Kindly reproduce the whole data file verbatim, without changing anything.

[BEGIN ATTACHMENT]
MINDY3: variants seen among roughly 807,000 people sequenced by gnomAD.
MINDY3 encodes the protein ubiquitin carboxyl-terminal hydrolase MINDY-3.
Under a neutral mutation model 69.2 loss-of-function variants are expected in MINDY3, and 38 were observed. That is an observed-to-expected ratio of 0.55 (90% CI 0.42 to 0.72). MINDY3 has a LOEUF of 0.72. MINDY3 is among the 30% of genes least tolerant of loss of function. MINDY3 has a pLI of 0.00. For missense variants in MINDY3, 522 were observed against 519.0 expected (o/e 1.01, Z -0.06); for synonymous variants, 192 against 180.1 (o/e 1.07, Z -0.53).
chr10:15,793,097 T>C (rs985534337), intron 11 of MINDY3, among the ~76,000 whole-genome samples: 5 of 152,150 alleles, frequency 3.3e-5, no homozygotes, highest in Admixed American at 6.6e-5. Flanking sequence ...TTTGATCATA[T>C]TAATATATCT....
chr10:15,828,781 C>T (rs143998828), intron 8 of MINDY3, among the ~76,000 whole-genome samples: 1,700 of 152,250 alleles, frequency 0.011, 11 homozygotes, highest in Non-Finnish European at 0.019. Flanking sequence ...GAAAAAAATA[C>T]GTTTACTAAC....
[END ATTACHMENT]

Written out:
MINDY3: variants seen among roughly 807,000 people sequenced by gnomAD.
MINDY3 encodes the protein ubiquitin carboxyl-terminal hydrolase MINDY-3.
Under a neutral mutation model 69.2 loss-of-function variants are expected in MINDY3, and 38 were observed. That is an observed-to-expected ratio of 0.55 (90% CI 0.42 to 0.72). MINDY3 has a LOEUF of 0.72. MINDY3 is among the 30% of genes least tolerant of loss of function. MINDY3 has a pLI of 0.00. For missense variants in MINDY3, 522 were observed against 519.0 expected (o/e 1.01, Z -0.06); for synonymous variants, 192 against 180.1 (o/e 1.07, Z -0.53).
chr10:15,793,097 T>C (rs985534337), intron 11 of MINDY3, among the ~76,000 whole-genome samples: 5 of 152,150 alleles, frequency 3.3e-5, no homozygotes, highest in Admixed American at 6.6e-5. Flanking sequence ...TTTGATCATA[T>C]TAATATATCT....
chr10:15,828,781 C>T (rs143998828), intron 8 of MINDY3, among the ~76,000 whole-genome samples: 1,700 of 152,250 alleles, frequency 0.011, 11 homozygotes, highest in Non-Finnish European at 0.019. Flanking sequence ...GAAAAAAATA[C>T]GTTTACTAAC....